Fairy tales are hot. It's not just six-year-olds driving the success of Frozen. Once Upon a Time continues to draw audiences on ABC, while Bill Willingham's Fables is ending a 13-year run as one of the most intriguing comic books on the market.
Since its premiere in 1987, Stephen Sondheim and James Lapine have tapped into this intrigue with Into the Woods. It's become a musical staple, recently accompanied by a film version. Now Theatre Latte Da presents a bright, engaging production that is marred only by the sometimes distorted sound of the Ritz Theater.
Lapine's book brings Cinderella, Rapunzel, Little Red Riding Hood, and Jack the Giant Killer all to the same kingdom. Their fates are centered on the baker and his wife, who hope to break a curse placed on their home. When it's finally lifted, our heroes are headed for happily ever after.
But that's only half the story.
The real brilliance — beyond Sondheim's gorgeous music and tongue-twisting lyrics — comes as Act Two brings the darkness of ever after. Like real people, none of the characters are completely satisfied with their new lives. That sense of ennui turns to terror when the wife of the giant Jack killed comes looking for revenge. By the end, many of the fairy tale heroes have died or abandoned the kingdom, leaving the survivors to build a more honest ever after.
David Darrow and Kate Beahen are the show's backbone as the baker and his wife. The couple's story adds sadness and an edge. When their long-anticipated baby arrives and doesn't provide a fix, their relationship goes from lovey-dovey to angry.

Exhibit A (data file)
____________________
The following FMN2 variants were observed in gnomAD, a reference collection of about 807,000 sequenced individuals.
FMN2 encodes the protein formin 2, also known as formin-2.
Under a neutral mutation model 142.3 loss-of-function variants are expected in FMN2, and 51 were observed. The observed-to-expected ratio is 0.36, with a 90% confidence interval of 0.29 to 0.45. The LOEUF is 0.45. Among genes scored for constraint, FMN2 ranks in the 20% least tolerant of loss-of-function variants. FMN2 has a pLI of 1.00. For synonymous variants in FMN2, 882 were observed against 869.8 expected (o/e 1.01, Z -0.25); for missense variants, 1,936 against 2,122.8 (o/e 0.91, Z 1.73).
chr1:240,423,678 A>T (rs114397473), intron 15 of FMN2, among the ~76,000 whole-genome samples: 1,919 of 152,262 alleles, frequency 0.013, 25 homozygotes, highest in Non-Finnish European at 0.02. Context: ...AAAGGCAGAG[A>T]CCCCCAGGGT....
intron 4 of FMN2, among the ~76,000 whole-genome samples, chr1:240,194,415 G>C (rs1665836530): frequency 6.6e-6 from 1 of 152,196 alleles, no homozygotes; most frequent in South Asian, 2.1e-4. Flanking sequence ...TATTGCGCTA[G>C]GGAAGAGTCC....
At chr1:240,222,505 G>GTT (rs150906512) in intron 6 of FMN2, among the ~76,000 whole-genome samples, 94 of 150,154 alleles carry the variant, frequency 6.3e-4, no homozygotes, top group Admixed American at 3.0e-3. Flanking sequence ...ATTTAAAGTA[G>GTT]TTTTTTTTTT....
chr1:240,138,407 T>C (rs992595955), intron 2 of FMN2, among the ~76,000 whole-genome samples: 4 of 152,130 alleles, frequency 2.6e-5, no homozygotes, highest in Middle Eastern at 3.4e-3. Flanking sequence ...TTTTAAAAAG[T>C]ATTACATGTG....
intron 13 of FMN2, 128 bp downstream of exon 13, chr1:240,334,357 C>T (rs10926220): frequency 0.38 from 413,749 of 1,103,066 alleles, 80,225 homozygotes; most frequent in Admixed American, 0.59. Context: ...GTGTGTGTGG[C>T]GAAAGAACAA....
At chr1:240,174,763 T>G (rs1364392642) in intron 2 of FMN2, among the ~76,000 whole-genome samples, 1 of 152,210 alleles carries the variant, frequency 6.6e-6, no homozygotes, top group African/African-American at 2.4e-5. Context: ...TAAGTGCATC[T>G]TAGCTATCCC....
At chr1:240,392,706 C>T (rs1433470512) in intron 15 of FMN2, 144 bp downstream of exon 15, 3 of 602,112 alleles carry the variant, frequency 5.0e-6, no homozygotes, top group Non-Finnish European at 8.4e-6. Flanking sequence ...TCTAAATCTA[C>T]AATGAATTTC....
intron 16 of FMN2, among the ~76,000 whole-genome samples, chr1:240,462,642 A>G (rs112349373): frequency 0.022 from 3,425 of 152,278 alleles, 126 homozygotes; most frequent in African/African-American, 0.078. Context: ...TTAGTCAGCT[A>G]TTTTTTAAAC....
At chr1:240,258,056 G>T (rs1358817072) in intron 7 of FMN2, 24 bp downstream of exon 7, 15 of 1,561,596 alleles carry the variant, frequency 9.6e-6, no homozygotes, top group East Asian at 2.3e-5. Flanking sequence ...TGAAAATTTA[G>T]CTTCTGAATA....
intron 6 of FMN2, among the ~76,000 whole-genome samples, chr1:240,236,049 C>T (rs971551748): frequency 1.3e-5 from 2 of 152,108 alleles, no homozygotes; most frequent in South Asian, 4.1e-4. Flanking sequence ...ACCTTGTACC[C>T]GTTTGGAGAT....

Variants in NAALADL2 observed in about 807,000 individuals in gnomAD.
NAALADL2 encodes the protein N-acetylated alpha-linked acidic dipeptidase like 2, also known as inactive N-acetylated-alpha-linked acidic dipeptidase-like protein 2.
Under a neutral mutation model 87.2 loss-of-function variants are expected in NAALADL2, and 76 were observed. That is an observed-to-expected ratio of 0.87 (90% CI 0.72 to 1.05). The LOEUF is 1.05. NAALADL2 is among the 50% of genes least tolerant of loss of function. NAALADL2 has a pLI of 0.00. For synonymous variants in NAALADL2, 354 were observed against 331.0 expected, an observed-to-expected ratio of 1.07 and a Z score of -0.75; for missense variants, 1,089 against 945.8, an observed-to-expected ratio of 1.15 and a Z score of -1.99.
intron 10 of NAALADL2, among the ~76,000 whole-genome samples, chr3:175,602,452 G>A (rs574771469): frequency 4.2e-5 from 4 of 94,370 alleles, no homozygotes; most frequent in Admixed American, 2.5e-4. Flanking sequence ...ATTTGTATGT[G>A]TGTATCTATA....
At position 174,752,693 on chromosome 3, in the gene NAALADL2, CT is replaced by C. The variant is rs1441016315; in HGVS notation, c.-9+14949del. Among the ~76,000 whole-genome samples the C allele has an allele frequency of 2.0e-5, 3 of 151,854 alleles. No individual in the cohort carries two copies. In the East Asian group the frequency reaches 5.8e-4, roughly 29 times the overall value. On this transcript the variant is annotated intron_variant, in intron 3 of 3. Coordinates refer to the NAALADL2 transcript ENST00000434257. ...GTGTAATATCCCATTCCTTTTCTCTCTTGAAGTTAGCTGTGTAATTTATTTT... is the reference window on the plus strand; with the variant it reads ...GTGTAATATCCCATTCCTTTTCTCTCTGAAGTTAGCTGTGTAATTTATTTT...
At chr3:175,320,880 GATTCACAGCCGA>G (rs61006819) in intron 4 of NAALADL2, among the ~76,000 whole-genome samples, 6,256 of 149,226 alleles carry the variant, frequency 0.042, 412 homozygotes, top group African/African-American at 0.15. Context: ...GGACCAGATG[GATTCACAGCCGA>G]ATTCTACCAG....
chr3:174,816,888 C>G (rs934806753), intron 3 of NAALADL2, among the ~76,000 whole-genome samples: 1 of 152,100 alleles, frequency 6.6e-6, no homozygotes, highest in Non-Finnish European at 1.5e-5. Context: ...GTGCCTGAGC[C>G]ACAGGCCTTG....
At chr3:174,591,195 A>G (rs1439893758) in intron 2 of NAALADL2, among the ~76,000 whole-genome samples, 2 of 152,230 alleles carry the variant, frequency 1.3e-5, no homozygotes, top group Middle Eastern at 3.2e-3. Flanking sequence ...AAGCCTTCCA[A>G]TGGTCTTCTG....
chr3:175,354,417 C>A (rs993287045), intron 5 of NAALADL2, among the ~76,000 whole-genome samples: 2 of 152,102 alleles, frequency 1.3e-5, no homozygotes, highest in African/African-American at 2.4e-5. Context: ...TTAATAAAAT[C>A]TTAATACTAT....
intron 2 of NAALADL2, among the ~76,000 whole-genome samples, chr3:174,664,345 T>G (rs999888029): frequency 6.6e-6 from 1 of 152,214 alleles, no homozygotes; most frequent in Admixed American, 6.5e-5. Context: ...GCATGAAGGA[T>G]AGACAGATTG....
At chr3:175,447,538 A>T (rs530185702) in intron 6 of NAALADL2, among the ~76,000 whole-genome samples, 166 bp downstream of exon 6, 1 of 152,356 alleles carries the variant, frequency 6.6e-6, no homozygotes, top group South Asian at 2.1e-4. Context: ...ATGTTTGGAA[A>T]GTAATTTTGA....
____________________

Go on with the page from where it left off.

The most outsized character in a play loaded with not-so-valiant princes and maidens-turned-princesses is the Witch who placed a curse on the couple's home. Director Peter Rothstein made a perfect choice with Greta Oglesby. She can keep your attention with a hard look or simply by pointing one of her long, dirty fingernails. Oglesby's command keeps the character vital, even after she loses her magic powers.
She also has the pipes for Sondheim. The composer's deceptive music and lyrics sound simple, but they're imbedded with complex harmonies and intricate wordplay. Into the Woods is American musical theater at its purest, without the pop touches of an Andrew Lloyd Webber show.
The songs often play under the surface until you can't ignore them anymore, such as the Witch's epic "Final Midnight." Oglesby hits each note like a sinister soul singer.
The key trouble — one that hopefully can be smoothed out during the run — is the sound. The amplification and the Ritz's hard, concrete walls make a score known for its elegance come out harsh and far too sharp. The sound did improve throughout opening night, and it would be a shame for such a fixable flaw to continue to mar such a delightful, delicate, and engaging production.
IF YOU GO:
Into the Woods The Ritz Theater 345 13th Ave. NE, Minneapolis 7:30 p.m. Wednesdays through Saturday; 2 p.m. Sundays $31-$45 Through March 29